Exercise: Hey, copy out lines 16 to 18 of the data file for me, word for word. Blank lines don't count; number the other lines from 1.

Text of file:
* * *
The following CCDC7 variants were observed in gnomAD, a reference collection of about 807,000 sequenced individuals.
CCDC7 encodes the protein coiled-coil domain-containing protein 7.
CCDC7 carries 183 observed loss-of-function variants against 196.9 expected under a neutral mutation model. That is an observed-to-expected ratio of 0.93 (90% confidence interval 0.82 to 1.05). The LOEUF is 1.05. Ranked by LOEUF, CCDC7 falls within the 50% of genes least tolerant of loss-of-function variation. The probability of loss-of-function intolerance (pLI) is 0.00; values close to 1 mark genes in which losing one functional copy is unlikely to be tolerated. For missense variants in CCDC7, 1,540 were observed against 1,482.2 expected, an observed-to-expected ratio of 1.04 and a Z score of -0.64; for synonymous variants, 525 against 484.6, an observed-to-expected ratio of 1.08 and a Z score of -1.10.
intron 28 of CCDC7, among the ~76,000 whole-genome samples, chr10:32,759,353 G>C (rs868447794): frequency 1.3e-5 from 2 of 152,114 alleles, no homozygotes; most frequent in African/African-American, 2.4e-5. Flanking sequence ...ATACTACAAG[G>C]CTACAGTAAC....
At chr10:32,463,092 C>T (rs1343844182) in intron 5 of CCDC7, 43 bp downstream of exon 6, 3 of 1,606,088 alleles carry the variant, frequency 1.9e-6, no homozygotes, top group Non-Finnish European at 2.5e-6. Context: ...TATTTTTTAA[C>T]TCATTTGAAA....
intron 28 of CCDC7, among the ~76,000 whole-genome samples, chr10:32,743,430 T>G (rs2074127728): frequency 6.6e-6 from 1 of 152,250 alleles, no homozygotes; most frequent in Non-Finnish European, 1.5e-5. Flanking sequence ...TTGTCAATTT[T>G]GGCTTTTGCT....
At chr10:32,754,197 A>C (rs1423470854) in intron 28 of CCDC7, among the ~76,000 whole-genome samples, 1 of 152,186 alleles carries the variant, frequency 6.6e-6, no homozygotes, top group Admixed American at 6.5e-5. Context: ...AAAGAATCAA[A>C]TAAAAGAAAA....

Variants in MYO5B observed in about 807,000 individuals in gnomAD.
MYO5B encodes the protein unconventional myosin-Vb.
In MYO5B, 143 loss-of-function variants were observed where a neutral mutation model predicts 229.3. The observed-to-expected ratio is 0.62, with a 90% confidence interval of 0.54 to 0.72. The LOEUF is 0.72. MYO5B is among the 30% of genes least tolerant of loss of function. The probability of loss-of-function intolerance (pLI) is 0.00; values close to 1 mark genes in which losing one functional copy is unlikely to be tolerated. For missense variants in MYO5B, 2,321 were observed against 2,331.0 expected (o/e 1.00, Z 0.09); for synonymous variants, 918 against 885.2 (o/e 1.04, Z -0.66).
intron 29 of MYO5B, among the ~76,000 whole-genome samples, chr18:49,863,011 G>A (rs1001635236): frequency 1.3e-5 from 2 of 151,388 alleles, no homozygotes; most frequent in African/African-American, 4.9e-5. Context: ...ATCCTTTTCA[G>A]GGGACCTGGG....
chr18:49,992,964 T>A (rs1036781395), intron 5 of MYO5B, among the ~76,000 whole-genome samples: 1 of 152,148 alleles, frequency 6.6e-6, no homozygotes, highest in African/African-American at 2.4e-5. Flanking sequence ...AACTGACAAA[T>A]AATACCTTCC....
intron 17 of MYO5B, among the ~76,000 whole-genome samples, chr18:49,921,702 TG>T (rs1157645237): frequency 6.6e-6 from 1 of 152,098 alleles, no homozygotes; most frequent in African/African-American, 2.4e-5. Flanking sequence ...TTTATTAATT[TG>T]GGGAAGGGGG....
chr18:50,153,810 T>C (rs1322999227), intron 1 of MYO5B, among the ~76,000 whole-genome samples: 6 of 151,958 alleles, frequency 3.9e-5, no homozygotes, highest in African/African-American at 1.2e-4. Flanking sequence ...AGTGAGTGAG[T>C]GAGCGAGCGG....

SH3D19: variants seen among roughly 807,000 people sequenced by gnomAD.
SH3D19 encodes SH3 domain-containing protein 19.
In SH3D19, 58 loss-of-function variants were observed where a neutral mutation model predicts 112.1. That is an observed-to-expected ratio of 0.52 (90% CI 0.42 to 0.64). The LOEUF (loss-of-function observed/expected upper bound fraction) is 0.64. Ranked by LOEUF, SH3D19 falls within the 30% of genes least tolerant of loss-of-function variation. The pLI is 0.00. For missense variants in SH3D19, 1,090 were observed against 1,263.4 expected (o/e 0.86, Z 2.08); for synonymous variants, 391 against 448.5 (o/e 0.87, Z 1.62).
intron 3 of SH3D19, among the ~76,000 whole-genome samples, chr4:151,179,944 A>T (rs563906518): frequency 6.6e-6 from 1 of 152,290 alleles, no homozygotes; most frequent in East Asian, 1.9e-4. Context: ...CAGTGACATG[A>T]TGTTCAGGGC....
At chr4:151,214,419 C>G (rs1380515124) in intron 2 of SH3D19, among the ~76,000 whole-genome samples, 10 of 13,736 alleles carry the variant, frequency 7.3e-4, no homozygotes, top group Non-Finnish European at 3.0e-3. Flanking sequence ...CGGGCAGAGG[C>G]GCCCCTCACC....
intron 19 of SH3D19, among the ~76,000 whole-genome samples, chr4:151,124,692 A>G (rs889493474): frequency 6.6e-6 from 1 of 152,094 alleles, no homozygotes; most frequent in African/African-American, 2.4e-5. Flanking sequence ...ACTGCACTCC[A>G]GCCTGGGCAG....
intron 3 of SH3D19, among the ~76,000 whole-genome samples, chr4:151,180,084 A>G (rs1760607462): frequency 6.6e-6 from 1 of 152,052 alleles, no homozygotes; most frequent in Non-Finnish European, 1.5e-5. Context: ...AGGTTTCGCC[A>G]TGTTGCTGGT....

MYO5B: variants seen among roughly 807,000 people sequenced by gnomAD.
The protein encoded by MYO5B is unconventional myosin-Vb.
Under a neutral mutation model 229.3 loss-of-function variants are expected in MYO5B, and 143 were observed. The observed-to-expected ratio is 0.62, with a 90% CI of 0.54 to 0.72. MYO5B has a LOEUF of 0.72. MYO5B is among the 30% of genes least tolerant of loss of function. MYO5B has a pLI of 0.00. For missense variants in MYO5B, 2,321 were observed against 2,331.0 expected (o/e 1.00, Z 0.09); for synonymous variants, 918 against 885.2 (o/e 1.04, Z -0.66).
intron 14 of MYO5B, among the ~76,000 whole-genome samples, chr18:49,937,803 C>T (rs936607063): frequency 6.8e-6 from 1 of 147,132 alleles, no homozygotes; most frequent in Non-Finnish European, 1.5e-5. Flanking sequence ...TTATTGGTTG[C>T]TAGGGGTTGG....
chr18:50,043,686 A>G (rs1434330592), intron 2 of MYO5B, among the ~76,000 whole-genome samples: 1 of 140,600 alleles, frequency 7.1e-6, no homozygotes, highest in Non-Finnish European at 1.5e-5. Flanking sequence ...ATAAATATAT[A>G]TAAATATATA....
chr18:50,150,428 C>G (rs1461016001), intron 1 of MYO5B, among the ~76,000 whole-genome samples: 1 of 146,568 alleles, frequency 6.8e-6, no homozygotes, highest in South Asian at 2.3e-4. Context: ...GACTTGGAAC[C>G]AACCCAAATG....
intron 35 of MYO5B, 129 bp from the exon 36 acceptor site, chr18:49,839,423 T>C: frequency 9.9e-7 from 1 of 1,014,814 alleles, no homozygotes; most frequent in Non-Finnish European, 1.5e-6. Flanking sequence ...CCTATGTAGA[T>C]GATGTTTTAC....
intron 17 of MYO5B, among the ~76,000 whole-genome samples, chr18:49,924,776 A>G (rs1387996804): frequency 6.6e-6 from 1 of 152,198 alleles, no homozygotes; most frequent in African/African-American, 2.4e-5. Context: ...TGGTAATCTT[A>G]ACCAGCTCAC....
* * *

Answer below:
SH3D19 encodes SH3 domain-containing protein 19.
In SH3D19, 58 loss-of-function variants were observed where a neutral mutation model predicts 112.1. That is an observed-to-expected ratio of 0.52 (90% CI 0.42 to 0.64). The LOEUF (loss-of-function observed/expected upper bound fraction) is 0.64. Ranked by LOEUF, SH3D19 falls within the 30% of genes least tolerant of loss-of-function variation. The pLI is 0.00. For missense variants in SH3D19, 1,090 were observed against 1,263.4 expected (o/e 0.86, Z 2.08); for synonymous variants, 391 against 448.5 (o/e 0.87, Z 1.62).
intron 3 of SH3D19, among the ~76,000 whole-genome samples, chr4:151,179,944 A>T (rs563906518): frequency 6.6e-6 from 1 of 152,290 alleles, no homozygotes; most frequent in East Asian, 1.9e-4. Context: ...CAGTGACATG[A>T]TGTTCAGGGC....